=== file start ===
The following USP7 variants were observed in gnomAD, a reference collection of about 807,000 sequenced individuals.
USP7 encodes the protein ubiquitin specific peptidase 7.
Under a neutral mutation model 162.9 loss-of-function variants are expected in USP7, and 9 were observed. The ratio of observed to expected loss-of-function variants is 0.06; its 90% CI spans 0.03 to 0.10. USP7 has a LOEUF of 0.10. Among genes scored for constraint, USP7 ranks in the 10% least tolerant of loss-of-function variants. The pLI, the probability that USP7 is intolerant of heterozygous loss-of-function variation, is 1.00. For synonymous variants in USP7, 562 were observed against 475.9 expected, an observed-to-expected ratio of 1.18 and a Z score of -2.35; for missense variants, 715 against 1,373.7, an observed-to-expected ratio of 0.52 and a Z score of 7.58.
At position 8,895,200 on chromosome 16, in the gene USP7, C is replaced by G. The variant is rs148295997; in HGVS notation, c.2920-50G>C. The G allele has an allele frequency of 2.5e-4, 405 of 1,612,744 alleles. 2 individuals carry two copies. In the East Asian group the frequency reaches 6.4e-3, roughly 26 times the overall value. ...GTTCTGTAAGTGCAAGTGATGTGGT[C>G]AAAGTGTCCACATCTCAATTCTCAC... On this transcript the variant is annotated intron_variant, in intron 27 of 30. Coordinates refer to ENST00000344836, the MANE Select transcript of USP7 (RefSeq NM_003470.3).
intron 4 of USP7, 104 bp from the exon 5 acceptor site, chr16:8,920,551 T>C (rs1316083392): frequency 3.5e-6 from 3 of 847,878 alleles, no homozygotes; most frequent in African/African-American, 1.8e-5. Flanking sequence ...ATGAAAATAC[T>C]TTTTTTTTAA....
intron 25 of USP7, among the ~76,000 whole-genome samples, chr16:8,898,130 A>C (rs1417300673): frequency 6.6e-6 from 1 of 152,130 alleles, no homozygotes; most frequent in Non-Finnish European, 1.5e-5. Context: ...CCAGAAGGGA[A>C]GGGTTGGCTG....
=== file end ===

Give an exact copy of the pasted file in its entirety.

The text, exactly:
The following USP7 variants were observed in gnomAD, a reference collection of about 807,000 sequenced individuals.
USP7 encodes the protein ubiquitin specific peptidase 7.
Under a neutral mutation model 162.9 loss-of-function variants are expected in USP7, and 9 were observed. The ratio of observed to expected loss-of-function variants is 0.06; its 90% CI spans 0.03 to 0.10. USP7 has a LOEUF of 0.10. Among genes scored for constraint, USP7 ranks in the 10% least tolerant of loss-of-function variants. The pLI, the probability that USP7 is intolerant of heterozygous loss-of-function variation, is 1.00. For synonymous variants in USP7, 562 were observed against 475.9 expected, an observed-to-expected ratio of 1.18 and a Z score of -2.35; for missense variants, 715 against 1,373.7, an observed-to-expected ratio of 0.52 and a Z score of 7.58.
At position 8,895,200 on chromosome 16, in the gene USP7, C is replaced by G. The variant is rs148295997; in HGVS notation, c.2920-50G>C. The G allele has an allele frequency of 2.5e-4, 405 of 1,612,744 alleles. 2 individuals carry two copies. In the East Asian group the frequency reaches 6.4e-3, roughly 26 times the overall value. ...GTTCTGTAAGTGCAAGTGATGTGGT[C>G]AAAGTGTCCACATCTCAATTCTCAC... On this transcript the variant is annotated intron_variant, in intron 27 of 30. Coordinates refer to ENST00000344836, the MANE Select transcript of USP7 (RefSeq NM_003470.3).
intron 4 of USP7, 104 bp from the exon 5 acceptor site, chr16:8,920,551 T>C (rs1316083392): frequency 3.5e-6 from 3 of 847,878 alleles, no homozygotes; most frequent in African/African-American, 1.8e-5. Flanking sequence ...ATGAAAATAC[T>C]TTTTTTTTAA....
intron 25 of USP7, among the ~76,000 whole-genome samples, chr16:8,898,130 A>C (rs1417300673): frequency 6.6e-6 from 1 of 152,130 alleles, no homozygotes; most frequent in Non-Finnish European, 1.5e-5. Context: ...CCAGAAGGGA[A>C]GGGTTGGCTG....